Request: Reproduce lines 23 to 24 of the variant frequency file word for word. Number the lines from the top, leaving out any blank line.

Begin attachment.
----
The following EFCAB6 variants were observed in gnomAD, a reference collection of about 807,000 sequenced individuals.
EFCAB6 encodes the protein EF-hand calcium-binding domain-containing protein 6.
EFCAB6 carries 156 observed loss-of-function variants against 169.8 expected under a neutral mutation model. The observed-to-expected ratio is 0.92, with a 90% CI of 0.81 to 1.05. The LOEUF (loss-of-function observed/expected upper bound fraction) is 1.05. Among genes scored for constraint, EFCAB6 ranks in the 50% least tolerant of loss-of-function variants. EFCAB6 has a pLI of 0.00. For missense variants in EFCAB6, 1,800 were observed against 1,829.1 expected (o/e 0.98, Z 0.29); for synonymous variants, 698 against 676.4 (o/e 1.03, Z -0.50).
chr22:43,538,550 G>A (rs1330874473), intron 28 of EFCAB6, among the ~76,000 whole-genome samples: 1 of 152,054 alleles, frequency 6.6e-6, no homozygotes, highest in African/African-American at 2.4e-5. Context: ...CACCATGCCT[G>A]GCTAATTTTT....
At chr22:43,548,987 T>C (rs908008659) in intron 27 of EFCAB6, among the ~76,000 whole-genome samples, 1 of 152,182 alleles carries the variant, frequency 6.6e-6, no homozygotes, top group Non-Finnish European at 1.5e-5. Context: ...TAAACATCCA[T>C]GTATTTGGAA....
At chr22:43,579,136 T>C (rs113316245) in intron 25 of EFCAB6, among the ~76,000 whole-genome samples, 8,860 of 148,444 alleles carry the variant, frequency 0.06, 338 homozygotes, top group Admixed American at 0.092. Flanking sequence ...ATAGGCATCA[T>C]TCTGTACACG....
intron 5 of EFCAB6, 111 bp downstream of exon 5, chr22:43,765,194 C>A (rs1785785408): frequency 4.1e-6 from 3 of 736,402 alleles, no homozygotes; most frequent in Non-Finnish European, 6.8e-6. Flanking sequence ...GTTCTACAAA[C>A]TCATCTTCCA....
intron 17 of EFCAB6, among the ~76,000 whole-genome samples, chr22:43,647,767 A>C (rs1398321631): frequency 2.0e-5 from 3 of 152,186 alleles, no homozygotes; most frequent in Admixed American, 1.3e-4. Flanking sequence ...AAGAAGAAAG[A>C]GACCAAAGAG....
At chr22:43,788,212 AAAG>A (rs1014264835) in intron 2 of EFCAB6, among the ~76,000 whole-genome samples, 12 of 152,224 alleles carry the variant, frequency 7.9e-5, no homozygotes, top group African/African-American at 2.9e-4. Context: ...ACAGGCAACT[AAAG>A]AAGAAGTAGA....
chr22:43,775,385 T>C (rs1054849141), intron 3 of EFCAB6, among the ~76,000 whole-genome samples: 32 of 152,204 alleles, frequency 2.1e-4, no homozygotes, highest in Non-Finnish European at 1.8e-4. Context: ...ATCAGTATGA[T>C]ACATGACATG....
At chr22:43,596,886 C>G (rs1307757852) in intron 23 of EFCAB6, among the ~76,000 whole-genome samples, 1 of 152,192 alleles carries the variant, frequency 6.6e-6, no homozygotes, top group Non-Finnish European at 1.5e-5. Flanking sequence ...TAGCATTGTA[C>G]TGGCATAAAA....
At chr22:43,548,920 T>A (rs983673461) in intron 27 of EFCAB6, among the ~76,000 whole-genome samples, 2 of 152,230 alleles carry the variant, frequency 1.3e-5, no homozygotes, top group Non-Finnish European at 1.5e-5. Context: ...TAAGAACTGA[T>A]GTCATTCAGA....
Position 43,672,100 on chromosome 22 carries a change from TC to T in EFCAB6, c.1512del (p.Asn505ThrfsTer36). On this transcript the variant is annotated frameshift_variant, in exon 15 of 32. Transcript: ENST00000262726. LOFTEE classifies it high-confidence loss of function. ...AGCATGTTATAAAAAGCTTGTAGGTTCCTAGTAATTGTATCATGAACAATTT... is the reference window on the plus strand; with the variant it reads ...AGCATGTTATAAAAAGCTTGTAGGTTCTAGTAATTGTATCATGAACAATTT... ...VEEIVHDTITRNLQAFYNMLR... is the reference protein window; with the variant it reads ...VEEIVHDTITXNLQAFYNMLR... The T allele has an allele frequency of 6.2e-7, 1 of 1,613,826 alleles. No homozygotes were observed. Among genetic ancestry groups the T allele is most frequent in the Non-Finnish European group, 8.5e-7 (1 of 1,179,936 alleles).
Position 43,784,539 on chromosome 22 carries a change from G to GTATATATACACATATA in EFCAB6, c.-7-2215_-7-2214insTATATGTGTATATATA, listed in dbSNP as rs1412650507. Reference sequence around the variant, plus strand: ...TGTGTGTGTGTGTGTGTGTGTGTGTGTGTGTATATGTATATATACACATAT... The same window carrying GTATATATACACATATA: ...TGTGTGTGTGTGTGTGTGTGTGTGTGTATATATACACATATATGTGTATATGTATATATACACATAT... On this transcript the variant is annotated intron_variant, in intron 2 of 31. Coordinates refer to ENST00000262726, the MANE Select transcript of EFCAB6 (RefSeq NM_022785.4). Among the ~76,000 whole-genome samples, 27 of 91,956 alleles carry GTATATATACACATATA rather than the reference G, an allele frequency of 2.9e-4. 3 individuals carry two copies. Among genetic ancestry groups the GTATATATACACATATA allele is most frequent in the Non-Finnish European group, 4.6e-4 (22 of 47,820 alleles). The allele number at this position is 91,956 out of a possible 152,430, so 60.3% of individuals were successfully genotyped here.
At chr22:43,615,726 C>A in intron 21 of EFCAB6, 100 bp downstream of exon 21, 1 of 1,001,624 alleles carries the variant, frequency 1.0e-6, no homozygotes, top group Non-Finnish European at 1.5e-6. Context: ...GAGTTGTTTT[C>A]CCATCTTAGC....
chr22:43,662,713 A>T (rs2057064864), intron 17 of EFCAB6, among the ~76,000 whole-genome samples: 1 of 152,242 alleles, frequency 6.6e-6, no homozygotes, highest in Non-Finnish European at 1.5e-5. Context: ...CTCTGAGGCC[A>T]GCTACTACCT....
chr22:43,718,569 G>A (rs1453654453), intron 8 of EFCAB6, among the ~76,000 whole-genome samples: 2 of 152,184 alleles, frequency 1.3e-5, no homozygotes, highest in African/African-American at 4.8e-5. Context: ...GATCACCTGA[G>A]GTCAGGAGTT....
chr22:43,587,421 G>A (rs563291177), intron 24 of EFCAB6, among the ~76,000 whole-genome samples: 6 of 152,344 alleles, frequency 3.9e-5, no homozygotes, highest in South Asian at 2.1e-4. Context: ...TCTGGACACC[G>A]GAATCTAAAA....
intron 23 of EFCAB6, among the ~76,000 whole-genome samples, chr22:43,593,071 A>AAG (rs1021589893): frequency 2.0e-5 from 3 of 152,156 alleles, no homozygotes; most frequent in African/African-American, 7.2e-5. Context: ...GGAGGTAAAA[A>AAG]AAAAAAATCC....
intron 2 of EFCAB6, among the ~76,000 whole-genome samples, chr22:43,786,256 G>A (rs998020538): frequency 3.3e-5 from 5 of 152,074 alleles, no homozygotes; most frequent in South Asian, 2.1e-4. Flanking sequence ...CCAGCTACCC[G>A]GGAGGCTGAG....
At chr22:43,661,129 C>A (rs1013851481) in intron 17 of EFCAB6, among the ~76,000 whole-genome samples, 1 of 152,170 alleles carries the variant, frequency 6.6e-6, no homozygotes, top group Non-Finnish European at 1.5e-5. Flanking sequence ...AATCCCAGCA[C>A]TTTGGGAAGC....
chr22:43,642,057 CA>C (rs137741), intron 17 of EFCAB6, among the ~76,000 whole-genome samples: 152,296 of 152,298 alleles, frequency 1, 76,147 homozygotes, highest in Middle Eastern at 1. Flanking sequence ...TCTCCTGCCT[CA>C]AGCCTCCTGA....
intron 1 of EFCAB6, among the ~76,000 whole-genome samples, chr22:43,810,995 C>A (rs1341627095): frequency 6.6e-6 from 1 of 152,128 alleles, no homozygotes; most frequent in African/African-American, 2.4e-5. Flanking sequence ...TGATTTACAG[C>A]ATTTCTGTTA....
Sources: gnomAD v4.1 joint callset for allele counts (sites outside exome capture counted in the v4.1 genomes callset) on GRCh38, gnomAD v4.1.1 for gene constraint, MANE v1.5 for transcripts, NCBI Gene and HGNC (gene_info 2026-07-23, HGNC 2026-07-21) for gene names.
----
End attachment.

intron 1 of EFCAB6, among the ~76,000 whole-genome samples, chr22:43,810,995 C>A (rs1341627095): frequency 6.6e-6 from 1 of 152,128 alleles, no homozygotes; most frequent in African/African-American, 2.4e-5. Flanking sequence ...TGATTTACAG[C>A]ATTTCTGTTA....
Sources: gnomAD v4.1 joint callset for allele counts (sites outside exome capture counted in the v4.1 genomes callset) on GRCh38, gnomAD v4.1.1 for gene constraint, MANE v1.5 for transcripts, NCBI Gene and HGNC (gene_info 2026-07-23, HGNC 2026-07-21) for gene names.